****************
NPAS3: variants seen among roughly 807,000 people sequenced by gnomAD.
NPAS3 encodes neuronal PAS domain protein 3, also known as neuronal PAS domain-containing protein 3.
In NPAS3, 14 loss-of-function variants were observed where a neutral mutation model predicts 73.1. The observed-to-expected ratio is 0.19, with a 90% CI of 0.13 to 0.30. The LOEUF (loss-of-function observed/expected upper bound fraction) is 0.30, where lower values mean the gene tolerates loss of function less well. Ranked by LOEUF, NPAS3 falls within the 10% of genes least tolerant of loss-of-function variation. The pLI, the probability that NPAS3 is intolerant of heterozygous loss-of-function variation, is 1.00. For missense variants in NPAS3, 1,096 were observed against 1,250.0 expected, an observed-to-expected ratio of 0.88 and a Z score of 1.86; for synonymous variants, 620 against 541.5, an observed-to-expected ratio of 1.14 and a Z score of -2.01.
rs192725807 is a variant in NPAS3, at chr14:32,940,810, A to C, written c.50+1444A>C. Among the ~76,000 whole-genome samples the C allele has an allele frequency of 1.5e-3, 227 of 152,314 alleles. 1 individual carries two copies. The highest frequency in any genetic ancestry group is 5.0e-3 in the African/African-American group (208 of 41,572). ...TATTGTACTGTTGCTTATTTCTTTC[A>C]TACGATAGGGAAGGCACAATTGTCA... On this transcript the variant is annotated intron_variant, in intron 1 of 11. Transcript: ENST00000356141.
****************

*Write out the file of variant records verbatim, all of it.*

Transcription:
NPAS3: variants seen among roughly 807,000 people sequenced by gnomAD.
NPAS3 encodes neuronal PAS domain protein 3, also known as neuronal PAS domain-containing protein 3.
In NPAS3, 14 loss-of-function variants were observed where a neutral mutation model predicts 73.1. The observed-to-expected ratio is 0.19, with a 90% CI of 0.13 to 0.30. The LOEUF (loss-of-function observed/expected upper bound fraction) is 0.30, where lower values mean the gene tolerates loss of function less well. Ranked by LOEUF, NPAS3 falls within the 10% of genes least tolerant of loss-of-function variation. The pLI, the probability that NPAS3 is intolerant of heterozygous loss-of-function variation, is 1.00. For missense variants in NPAS3, 1,096 were observed against 1,250.0 expected, an observed-to-expected ratio of 0.88 and a Z score of 1.86; for synonymous variants, 620 against 541.5, an observed-to-expected ratio of 1.14 and a Z score of -2.01.
rs192725807 is a variant in NPAS3, at chr14:32,940,810, A to C, written c.50+1444A>C. Among the ~76,000 whole-genome samples the C allele has an allele frequency of 1.5e-3, 227 of 152,314 alleles. 1 individual carries two copies. The highest frequency in any genetic ancestry group is 5.0e-3 in the African/African-American group (208 of 41,572). ...TATTGTACTGTTGCTTATTTCTTTC[A>C]TACGATAGGGAAGGCACAATTGTCA... On this transcript the variant is annotated intron_variant, in intron 1 of 11. Transcript: ENST00000356141.